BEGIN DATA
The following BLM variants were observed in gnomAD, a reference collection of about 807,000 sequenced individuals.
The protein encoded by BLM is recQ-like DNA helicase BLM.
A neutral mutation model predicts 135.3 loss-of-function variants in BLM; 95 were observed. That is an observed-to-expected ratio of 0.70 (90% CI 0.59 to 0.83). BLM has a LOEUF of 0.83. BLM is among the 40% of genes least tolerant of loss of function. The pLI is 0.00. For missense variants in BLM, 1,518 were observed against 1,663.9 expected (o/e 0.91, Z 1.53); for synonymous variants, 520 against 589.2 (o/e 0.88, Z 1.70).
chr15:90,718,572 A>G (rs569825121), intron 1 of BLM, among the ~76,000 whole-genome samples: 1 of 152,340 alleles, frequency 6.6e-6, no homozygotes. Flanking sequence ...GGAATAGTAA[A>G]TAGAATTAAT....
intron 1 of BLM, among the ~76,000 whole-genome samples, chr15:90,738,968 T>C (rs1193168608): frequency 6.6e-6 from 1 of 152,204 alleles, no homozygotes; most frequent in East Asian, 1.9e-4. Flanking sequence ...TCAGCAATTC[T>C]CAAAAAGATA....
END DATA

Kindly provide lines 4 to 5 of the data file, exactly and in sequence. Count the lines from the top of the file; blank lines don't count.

chr15:90,718,572 A>G (rs569825121), intron 1 of BLM, among the ~76,000 whole-genome samples: 1 of 152,340 alleles, frequency 6.6e-6, no homozygotes. Flanking sequence ...GGAATAGTAA[A>G]TAGAATTAAT....
intron 1 of BLM, among the ~76,000 whole-genome samples, chr15:90,738,968 T>C (rs1193168608): frequency 6.6e-6 from 1 of 152,204 alleles, no homozygotes; most frequent in East Asian, 1.9e-4. Flanking sequence ...TCAGCAATTC[T>C]CAAAAAGATA....